As tireless advocates for the joys of urban life, we believe everyone in Austin has the right to live downtown. That’s why we support dense development and the growth of diverse housing types beyond single-family homes — it makes that life far more accessible to a wider population. That’s also why we’re so excited to see Preservation Austin’s upcoming 2020 Homes Tour embrace that diversity of downtown housing, with its April 25 tour event focusing on “Downtown Doorsteps.”
Six living spaces are in the spotlight this year, and only one of those is a traditional single-family home — the rest are doing something far more interesting:
Sayers House – 709 Rio Grande Street
Architects Charles Henry Page and his brother Louis Charles Page, who laid the groundwork for a firm that persists in Austin to this day, completed this home in the venerable American Foursquare style for former Texas governor Joseph D. Sayers in 1905. You probably won’t be surprised to learn it’s a City of Austin Historic Landmark.
Since then, its owners haven’t messed with it too much, and according to Preservation Austin the home retains much of its original interior woodwork and a “mysterious fireplace mantel” emblazoned with Masonic symbols. That’s…pretty cool?
Burke-Besserer Building – 1310 San Antonio Street
This charmer was first built as a single home in 1890 by tax collector and Union Army veteran Major Joseph W. Burke, but converted to a four-unit apartment building in 1925 by local stenographer Clara Besserer — kinda goes to show how many living spaces you can create out of one large home when you put your mind to it.
The current owner, who purchased the property in 2002, had to reverse a few questionable decisions from the years following the structure’s apartment conversion — some genius apparently decided somewhere along the way to convert the first story into offices complete with drop ceilings and fluorescent lights. That was a really stupid idea! Anyway, the building’s been restored and returned to its use as a four-unit apartment building, and it’s never looked better.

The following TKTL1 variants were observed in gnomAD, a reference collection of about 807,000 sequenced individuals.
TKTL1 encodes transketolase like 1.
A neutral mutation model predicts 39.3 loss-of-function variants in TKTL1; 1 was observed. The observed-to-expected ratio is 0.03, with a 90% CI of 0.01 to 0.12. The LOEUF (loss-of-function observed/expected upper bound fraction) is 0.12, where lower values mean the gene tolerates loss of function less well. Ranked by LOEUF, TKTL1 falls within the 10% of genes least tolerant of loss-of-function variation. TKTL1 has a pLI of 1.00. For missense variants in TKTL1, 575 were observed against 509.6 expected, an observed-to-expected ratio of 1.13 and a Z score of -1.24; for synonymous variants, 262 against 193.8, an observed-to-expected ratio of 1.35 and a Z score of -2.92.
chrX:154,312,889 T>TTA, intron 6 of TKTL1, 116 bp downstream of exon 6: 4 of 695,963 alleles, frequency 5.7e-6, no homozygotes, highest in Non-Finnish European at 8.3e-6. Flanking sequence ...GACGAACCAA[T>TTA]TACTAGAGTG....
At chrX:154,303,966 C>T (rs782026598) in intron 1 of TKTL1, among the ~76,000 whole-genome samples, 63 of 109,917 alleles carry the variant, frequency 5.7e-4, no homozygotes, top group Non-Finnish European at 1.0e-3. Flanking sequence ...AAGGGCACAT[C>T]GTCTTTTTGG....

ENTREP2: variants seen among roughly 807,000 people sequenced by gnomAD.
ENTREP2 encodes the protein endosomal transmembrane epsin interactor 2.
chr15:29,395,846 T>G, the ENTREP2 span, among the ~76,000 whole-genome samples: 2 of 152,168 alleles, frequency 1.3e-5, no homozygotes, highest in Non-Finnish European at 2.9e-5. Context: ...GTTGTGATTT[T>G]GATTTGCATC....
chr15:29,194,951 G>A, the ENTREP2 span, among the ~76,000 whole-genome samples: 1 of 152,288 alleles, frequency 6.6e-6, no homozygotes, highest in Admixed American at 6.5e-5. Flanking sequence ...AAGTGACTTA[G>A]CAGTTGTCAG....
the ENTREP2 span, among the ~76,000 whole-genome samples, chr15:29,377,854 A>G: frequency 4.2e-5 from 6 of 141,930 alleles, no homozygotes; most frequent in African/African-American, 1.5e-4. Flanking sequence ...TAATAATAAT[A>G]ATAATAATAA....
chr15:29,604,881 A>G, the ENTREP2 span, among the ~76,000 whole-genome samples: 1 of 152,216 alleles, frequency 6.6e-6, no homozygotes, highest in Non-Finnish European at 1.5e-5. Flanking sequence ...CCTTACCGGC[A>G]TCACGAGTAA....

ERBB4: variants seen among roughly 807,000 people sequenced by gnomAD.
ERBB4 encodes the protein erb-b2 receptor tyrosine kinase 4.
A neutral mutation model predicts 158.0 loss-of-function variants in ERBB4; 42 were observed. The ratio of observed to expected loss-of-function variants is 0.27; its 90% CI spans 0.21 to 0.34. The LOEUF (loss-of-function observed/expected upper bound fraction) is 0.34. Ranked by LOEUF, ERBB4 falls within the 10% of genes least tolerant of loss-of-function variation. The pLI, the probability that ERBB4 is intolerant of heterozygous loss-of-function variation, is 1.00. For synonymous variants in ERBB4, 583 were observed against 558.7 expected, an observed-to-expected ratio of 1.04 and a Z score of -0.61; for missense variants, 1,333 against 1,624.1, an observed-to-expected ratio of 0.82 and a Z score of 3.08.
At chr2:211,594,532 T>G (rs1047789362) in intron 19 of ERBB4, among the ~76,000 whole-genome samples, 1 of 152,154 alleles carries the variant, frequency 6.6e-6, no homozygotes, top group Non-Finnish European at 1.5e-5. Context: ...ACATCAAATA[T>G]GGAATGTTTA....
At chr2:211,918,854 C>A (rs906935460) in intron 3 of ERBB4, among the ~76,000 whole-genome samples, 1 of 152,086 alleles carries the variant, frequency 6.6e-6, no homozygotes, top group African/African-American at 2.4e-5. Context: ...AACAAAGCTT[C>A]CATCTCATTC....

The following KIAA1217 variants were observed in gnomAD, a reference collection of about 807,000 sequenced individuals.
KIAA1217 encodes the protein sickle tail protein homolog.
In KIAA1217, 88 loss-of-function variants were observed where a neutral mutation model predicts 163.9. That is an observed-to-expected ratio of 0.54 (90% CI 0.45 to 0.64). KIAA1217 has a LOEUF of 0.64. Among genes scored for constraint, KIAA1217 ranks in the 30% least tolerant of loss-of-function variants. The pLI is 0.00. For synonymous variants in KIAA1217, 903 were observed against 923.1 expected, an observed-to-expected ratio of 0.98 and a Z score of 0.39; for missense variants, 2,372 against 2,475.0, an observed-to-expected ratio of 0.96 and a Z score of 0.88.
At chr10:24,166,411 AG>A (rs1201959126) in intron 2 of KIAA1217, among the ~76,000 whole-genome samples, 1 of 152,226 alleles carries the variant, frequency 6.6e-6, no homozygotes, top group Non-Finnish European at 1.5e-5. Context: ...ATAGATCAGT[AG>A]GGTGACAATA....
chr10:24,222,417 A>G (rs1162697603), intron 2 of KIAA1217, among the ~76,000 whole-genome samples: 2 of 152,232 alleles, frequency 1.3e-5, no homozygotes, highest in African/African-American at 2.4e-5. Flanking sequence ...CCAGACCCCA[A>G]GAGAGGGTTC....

Metz-Fielding Building – 706 Congress Avenue
It’s not often you see a residence on this stretch of Congress Avenue, but this isn’t the building’s first act by any means. First built in 1872, the landmark structure at 706 Congress Avenue has housed offices, saloons, a shoe store, a hat store, the headquarters of the Austin Chamber of Commerce, a Mexican restaurant, a salsa dancing club, and who knows what else over the last 148 years.
Its original facade was marred in the 1950s by the addition of modern cladding, one of the lesser innovations of the midcentury design era, but in 2003 the building’s current owner came on the scene and spent more than two years restoring the structure’s exterior masonry to its historical appearance based on old photos.
Now, it’s a happy family all in one building — commercial space on the ground floor, a vacation rental property on the second floor, and a third-story penthouse added during the renovation. That’s what density can do for you!
Brown Building – 710 Colorado Street
One of downtown Austin’s only options for true historic loft living, the Brown Building originally opened in 1938 as an office tower with design by the architects at C. H. Page and Son — you’ll recall the Page brothers, who got around, from earlier in this very article. Converted to condos in 2004, the building’s Art Moderne stylings are a rare find around town, and the exposed concrete and other industrial-style historic materials in its units keep things interesting beyond the lobby.
Cambridge Tower – 1801 Lavaca Street
An underratedly striking work of midcentury New Formalism, the 15-story Cambridge Tower was Austin’s tallest apartment building when it opened in 1965. The city’s gotten higher since then, but this building’s concrete breezeblock balconies, crowning arches, “Mediterranean-style” swimming pool and porte-cochère entrance will keep it swinging for the foreseeable future.